Using a TV as a monitor can seem like the perfect idea, and while a widescreen television can increase picture size and oftentimes provide a cheaper alternative to a widescreen monitor, there are downsides to this choice as well. Since a television isn’t necessarily intended for a computer to be connected to it, and vice versa, formatting issues can get in the way of your enjoyment.
Many monitors designed for computers can be one of the most expensive components, even if the screen size can leave much to be desired. TVs at the same screen size can cost more due to the built-in tuner, but a widescreen television at a good deal can provide a larger picture. A TV monitor can also double as an actual television screen if you want to use it for both purposes, which will also eliminate the cost of purchasing two televisions or one TV and a monitor together.
Flat screen TVs as monitors also contain all the connection ports necessary to plug the computer’s display cord from the PC to the TV, making most modern day flatscreens ready for PC plug-in. Additionally, TVs often have more HDMI inputs than monitors if you have multiple devices.
A TV acts as a great way to experience gaming if the computer is likely to be used for PC games, for the most part. Many games can be played using a game controller, making the computer act as a gaming console and the TV as a full-size gaming screen. A decent-sized TV as a monitor will also offer clear viewing from up to 10 feet away.
While the size can accommodate ample viewing space, a TV as a monitor can also mean limited enjoyment, mainly due to its original purpose as a television. When using a computer normally, it’s typical for users to sit up to two feet away from the monitor at a maximum, and since monitors are designed for this closeness the eyes aren’t as strained. However, on a TV monitor, since it’s meant to be viewed at further distances, the eyes can be stressed more to the point where damage can occur. This is why gaming with the use of a controller is optimal for its use.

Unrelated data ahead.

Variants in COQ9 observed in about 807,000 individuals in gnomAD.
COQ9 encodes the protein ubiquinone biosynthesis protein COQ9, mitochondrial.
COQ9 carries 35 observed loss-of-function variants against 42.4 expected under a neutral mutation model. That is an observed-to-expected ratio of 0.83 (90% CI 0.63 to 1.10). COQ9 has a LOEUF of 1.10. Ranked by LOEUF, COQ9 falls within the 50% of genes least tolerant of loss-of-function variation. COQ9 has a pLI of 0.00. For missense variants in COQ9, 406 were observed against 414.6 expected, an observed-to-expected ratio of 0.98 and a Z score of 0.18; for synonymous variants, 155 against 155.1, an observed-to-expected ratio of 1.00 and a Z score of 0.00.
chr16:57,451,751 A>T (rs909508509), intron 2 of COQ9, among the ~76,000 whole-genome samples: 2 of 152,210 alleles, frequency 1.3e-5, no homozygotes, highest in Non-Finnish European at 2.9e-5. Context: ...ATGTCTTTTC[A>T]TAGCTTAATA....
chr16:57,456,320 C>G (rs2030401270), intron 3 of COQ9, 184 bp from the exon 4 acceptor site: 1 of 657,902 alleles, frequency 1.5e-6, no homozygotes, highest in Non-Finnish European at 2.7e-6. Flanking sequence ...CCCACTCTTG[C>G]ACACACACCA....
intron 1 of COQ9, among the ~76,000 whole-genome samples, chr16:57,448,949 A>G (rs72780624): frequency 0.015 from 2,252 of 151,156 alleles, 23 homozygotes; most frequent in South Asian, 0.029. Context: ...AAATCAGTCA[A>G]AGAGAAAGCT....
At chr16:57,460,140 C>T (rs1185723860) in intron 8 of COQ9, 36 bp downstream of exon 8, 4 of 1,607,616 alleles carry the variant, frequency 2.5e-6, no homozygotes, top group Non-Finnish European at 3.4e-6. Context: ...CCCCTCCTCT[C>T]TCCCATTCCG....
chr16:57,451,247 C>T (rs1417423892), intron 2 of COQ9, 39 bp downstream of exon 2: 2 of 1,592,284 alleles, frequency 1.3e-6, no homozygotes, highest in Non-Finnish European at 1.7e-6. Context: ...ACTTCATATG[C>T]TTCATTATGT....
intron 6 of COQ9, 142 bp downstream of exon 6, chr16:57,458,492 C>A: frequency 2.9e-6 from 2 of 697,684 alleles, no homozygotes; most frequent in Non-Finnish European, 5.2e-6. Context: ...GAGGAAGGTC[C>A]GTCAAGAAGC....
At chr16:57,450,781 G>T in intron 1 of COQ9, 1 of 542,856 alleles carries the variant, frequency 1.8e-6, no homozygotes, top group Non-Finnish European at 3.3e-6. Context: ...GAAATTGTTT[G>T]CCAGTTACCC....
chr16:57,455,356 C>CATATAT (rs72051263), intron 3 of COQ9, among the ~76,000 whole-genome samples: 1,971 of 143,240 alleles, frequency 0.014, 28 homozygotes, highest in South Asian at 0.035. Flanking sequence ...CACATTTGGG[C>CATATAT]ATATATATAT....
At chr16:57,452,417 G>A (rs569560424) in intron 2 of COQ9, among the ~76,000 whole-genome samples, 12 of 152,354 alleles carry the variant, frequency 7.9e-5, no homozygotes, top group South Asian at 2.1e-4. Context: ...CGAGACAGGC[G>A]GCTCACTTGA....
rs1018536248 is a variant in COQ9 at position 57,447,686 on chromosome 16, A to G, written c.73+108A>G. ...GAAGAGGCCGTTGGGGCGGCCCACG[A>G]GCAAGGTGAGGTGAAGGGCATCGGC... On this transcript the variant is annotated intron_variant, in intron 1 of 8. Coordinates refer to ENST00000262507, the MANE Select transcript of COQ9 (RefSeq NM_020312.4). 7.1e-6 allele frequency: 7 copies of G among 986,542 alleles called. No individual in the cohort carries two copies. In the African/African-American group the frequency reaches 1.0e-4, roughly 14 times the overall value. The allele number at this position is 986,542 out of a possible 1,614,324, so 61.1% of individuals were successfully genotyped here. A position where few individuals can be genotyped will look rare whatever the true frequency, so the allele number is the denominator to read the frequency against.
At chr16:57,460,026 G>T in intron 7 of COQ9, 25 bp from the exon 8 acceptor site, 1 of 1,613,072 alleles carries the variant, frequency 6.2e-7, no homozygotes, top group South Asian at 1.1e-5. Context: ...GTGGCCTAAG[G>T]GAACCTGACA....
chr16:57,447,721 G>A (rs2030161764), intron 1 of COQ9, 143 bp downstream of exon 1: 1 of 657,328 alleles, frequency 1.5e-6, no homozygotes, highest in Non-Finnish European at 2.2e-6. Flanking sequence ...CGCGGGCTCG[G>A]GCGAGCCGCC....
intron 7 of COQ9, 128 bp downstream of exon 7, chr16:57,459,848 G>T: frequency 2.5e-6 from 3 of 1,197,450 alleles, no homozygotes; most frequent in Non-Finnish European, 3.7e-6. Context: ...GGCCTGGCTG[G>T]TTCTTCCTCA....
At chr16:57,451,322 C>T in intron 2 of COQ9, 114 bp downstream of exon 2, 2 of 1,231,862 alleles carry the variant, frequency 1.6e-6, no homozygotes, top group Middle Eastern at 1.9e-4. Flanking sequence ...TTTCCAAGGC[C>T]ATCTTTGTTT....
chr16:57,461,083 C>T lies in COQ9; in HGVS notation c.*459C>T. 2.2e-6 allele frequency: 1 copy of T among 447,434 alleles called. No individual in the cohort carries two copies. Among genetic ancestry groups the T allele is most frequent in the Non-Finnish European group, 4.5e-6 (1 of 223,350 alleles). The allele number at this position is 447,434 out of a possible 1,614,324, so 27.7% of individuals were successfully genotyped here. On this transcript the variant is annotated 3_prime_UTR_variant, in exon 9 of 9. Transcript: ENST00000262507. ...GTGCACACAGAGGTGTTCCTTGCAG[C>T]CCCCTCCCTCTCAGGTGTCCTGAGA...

There’s another issue with the size. While a thin monitor can fit nicely in an enclosed space still, even a flat screen TV is usually a bit thicker than most monitors, due to the tuner and other components, making it a more awkward fit. Carrying the TV due to its size and moving it can also take a bit more effort than a monitor.
Another downside to owning a TV as a monitor is the fact that the formatting of the image can be more difficult to modify. Because a TV isn’t originally meant to hook up to a PC, tinkering with settings may be the best way to make sure the picture quality is what you want. For example, sometimes text can appear tiny on a TV as a monitor instead of the accurate settings. Certain cables, such as VGA or HDMI, will be required to in order to connect a TV to a PC. Because the PC may not match the TV settings, both may need to be adjusted for quality.
Having a TV as a monitor can be a great investment, but keep the positives and negatives in mind when making your decision.
Steve Horton has been working with computers for over 20 years. He's dedicated to helping people get the most out of their PCs, and likes playing cards and writing comics.
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